Business owners and Not-for-profit (NFP) managers often ask us whether they need social media as part of their overall communication plan. The simple answer is yes!
Combining social media with your overall communication and marketing plan is a relatively low-cost exercise with many benefits.
A key benefit is that social media platforms provide excellent data to help you plan and analyse your success.
However, as with most communications and marketing activities, there is no point taking action and spending money without the backing of a well thought out strategy.
Choosing your social media platform
Social media marketing showcases who you are and what you do, and it is also a great avenue to connect and build relationships. A platform is the mechanism to show and tell your story and grow your brand. At its most basic, it is another communication ‘channel’.
As with all communications strategies you shouldn’t start any action until you have clearly defined your audience.
Identify your audience – NFPs
Your NFP audience will be varied, ranging from individual donors, community and corporate supporters to volunteers, program recipients, your Board and staff. So, select a variety of platforms for your social media strategy.
The easiest way to identify which social media platform your key audience members use is to review their websites and search for them by name on social media.
Identify your audience – B2B
Your B2B audience is likely to have a presence on LinkedIn and Twitter, and some will also have a Facebook and LinkedIn business page.
For specific industry matters or to share your industry knowledge and information, Twitter, LinkedIn and maybe Facebook are areas to post and/or seek information.
A great way to raise your organisation’s profile in the industry is to show your professional presence and interaction on these platforms.
Follow and interact with the businesses, industry bodies and specific employees from organisations you may have identified as prospects. If you have corporate relationships with certain people within those organisations, connect with them.
Post company activities, launches and achievements, or educational editorials via your personal profile and/or business page. Ensure you tag and acknowledge your organisation or vice versa. A business page post recognising its employees will then yield further reach within that person’s network.
LinkedIn is also a great area to post articles that present you as subject matter experts in your field. You will expand the distribution of that post through your business page and when employees also share through their personal pages. Or, simply share blogs from your company website.
Identify your audience – B2C or NFP2D (NFP to Donor)
It is important for customers and donors to hear your stories. They want to know: how their funding is being used; how they can get involved as volunteers; and how they can assist by purchasing products and services or attending your events.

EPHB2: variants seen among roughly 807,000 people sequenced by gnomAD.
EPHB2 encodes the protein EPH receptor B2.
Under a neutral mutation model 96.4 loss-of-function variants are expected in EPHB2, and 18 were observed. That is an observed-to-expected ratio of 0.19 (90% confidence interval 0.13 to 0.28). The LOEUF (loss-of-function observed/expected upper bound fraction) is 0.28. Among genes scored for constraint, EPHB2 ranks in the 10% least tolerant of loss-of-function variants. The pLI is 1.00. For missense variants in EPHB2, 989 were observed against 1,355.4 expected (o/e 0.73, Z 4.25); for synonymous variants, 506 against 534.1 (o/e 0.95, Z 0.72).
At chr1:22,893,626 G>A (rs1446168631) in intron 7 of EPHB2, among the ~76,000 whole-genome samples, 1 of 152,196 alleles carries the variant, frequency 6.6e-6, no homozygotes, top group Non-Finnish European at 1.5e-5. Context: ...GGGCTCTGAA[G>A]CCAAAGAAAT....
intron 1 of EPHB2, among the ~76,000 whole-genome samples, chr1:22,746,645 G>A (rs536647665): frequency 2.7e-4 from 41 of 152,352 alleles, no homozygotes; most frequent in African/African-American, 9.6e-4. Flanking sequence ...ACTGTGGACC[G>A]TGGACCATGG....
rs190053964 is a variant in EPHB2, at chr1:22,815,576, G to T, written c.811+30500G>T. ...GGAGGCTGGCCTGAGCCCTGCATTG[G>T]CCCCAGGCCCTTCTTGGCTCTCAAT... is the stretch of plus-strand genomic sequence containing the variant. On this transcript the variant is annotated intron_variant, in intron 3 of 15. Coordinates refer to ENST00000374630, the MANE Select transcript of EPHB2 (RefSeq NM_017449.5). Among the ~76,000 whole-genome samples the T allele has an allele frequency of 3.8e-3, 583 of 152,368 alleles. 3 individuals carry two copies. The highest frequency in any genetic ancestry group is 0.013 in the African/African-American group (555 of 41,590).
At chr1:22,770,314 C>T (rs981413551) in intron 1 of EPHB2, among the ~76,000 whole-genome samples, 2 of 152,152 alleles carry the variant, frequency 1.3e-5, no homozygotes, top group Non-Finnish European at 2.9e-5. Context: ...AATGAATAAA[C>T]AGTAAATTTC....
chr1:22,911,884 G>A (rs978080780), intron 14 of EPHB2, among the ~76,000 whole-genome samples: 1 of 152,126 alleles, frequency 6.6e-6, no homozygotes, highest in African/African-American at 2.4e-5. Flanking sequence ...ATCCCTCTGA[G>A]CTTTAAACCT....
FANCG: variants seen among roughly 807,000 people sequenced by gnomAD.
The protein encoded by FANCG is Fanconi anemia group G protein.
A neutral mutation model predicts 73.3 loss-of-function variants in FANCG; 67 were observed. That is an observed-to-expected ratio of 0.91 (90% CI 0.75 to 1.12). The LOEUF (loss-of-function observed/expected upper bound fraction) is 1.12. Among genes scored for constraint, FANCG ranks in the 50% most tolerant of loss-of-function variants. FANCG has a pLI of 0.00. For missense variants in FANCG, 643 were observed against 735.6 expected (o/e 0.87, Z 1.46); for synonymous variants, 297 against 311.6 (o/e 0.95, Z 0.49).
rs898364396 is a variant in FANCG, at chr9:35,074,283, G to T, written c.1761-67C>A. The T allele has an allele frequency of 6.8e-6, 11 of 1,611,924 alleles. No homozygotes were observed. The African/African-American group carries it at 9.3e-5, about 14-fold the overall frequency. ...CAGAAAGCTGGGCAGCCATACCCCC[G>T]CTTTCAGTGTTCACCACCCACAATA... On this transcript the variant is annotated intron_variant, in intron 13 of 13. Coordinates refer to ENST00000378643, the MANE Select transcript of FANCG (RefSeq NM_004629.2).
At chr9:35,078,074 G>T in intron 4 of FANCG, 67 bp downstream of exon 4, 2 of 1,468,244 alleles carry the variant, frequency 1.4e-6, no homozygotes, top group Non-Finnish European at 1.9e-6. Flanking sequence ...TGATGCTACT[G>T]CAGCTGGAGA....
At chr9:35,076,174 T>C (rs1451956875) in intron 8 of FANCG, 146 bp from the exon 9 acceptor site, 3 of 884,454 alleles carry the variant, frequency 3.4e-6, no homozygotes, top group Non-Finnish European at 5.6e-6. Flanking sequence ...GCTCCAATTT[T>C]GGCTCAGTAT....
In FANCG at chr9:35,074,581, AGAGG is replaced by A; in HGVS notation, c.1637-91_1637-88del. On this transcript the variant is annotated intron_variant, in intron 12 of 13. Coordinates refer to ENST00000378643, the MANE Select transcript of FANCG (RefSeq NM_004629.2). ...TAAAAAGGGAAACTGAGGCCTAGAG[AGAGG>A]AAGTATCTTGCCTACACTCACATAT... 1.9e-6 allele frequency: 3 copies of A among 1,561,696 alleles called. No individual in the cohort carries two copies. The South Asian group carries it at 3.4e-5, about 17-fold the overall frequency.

Facebook and Instagram are ideal platforms to reach these individuals and share insights and personality (and you can still acknowledge business pages here too).
Share pictures and videos, stories, activities, achievements and invitations to events. Acknowledge thanks and show what happens behind the scenes in your organisation. It’s an opportunity to reveal more personality.
Appeal to the emotions of supporters and those in need of your services. Show them what you can offer, what you specialise in, and how you provide support.
Addressing your audience
To tailor your content strategy for each different platform it is vital to know when and who you are talking to and what they want to hear.
Don’t simply add social media channels for no reason. It is better to do a great job on a select few than to post here and there on a dozen different platforms.
For effective posting, think about quality over quantity when you address your audience. Define your goals for each audience.
As an NFP, you have many competing priorities. Fortunately, all these essential factors can provide a great range of content with broad appeal.
You want your social media to:
- Raise awareness of your cause
- Promote programs
- Attract new customers/followers
- Build brand and reputation
- Tell stories – share achievements
- Connect with constituents
- Show gratitude
- Show your personality, your team and your expertise.
That is a lot to ask of your content. But not all of this needs to be done across all of your platforms.
Consider what messaging goes where carefully. Each time you create content, think, “would your target audience enjoy or benefit from this content?” If the answer is no, then don’t post it to that platform. It comes back to your audience segmentation across the platforms.